International Journal on Advanced Science, Engineering and Information Technology, Vol. 11 (2021) No. 4, pages: 1558-1566, DOI:10.18517/ijaseit.11.4.13727

Landslide and Environmental Risk from Oil Spill due to the Rupture of SOTE and OCP Pipelines, San Rafael Falls, Amazon Basin, Ecuador

Paulina Poma, Marco Usca, Maria Fdz-Polanco, Alondra Garcia-Villacres, Theofilos Toulkeridis

Abstract

A landslide generated an environmental risk due to a provoked oil spill on April 7, 2020, with the SOTE and OCP pipelines rupture. This research aims to determine the areas susceptible to landslides in the river basin Quijos of the Coca River and estimate the environmental risk from exposure to the oil spill. A water analysis of the Coca River was performed by using the Mora-Vahrson method and GIS tools. The subsequent water sampling was probabilistic in a simple random way, and the analyzed parameters were oils and grease, Ba, Cd, Cr, BOD, COD, TPH, OD, Pb, and SST. The results show that 61.17% (572.68 km2) of the total studied area (936.19 km2) is susceptible to landslide hazards. In detail, 0.25% (2.34 km2) of the area is considered to be of very high susceptibility, 26.72% (250.12 km2) of high susceptibility, 11.82% (110.66 km2) of moderate susceptibility, and 0.04 (0.37 km2) of low susceptibility. Four of them were within the permissible limits from the ten analyzed parameters, which correspond to Ba with 0.70 mg/L, OD with 7.4% of saturation, BOD5 with 2 mg/L, and COD with 25 mg/L. The other six parameters, including oils and fats, exhibited a significant increase in concentrations after the oil spill, yielding Cd 0.05 mg/L, total Cr 0.45 mg/L, TPH 0.20 mg/L, Pb 0.20 mg/L, and SST 20%. These results are outside the permissible limits, meaning that the river waters are contaminated.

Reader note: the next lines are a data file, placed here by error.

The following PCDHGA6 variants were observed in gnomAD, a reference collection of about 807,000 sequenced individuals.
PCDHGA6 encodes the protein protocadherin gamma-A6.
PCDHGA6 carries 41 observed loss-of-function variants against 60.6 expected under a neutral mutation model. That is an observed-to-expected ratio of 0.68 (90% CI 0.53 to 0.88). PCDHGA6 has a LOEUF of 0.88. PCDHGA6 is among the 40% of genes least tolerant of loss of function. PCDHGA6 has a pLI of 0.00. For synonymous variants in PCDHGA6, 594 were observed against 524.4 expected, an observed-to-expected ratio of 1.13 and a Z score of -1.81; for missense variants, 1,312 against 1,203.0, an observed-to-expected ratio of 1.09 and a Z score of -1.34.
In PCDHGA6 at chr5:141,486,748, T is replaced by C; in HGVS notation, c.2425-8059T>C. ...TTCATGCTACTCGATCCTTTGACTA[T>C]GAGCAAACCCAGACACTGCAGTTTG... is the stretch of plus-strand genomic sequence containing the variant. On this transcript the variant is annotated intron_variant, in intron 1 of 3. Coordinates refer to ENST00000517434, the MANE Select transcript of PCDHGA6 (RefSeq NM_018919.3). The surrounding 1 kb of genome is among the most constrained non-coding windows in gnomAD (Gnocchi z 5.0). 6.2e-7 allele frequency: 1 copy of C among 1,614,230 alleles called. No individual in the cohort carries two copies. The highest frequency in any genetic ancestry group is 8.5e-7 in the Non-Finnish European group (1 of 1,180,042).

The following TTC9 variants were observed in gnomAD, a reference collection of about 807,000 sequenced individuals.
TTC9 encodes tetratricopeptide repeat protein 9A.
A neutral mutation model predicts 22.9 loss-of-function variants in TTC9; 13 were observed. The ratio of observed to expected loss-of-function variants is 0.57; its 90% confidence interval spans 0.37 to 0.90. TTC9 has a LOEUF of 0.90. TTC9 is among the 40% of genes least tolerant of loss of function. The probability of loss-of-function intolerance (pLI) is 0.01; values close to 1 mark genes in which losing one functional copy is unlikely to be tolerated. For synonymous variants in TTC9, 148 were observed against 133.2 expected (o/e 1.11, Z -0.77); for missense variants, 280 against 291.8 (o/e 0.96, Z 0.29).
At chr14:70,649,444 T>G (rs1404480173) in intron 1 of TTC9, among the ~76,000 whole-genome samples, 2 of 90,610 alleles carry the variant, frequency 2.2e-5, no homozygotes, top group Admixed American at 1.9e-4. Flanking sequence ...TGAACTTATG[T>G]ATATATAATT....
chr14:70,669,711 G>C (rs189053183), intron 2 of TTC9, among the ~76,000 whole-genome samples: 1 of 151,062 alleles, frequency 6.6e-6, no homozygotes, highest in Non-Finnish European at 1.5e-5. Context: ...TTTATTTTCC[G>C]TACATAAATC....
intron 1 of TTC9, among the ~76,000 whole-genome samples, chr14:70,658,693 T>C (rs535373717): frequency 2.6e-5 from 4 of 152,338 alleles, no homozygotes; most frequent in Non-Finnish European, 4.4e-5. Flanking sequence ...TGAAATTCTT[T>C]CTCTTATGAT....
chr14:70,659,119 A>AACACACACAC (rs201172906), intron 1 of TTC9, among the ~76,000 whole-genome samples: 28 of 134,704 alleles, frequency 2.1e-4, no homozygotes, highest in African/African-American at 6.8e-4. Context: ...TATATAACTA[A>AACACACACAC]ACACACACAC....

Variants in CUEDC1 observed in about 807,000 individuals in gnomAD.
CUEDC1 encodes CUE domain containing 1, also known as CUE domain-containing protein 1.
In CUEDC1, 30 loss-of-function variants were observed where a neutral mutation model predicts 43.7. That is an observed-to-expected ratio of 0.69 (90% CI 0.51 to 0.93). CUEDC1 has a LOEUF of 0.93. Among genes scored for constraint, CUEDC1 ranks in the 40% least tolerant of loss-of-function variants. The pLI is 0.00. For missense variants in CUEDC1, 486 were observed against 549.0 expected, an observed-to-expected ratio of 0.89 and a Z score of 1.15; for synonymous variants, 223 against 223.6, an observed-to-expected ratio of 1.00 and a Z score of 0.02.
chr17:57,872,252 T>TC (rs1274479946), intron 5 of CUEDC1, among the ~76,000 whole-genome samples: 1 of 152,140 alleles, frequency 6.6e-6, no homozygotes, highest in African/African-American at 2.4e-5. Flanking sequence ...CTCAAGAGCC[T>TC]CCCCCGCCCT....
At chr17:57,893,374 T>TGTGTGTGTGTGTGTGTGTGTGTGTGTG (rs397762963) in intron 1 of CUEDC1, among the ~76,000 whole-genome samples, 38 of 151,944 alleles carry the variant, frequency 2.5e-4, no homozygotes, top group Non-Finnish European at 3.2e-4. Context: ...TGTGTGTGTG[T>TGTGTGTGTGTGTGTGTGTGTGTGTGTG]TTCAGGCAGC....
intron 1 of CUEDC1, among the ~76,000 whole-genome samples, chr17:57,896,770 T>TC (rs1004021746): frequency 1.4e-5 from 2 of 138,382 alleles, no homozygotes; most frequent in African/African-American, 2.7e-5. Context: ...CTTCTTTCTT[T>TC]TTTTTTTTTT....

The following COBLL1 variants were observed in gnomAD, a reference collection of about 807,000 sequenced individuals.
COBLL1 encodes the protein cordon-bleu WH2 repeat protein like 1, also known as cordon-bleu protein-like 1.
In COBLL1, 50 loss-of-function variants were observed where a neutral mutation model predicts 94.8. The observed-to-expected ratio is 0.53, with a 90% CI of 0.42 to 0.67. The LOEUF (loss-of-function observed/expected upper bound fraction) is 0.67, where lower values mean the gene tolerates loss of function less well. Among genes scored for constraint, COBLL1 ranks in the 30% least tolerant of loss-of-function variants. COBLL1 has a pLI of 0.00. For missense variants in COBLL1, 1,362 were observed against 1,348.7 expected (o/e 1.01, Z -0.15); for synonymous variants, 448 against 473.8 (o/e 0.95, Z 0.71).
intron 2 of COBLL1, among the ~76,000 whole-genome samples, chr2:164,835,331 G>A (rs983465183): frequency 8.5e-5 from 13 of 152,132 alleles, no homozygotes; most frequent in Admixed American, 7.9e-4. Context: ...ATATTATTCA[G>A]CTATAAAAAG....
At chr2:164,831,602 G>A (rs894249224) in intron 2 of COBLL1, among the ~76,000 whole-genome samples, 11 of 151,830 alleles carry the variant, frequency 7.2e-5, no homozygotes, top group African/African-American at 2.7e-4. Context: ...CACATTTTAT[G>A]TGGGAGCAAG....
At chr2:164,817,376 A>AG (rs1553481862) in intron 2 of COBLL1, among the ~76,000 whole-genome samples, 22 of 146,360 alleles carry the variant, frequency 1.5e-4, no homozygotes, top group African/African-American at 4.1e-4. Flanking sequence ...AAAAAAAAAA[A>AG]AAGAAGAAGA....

Keywords:

Oil spill; environmental hazard; GIS; landslide; heavy metals.

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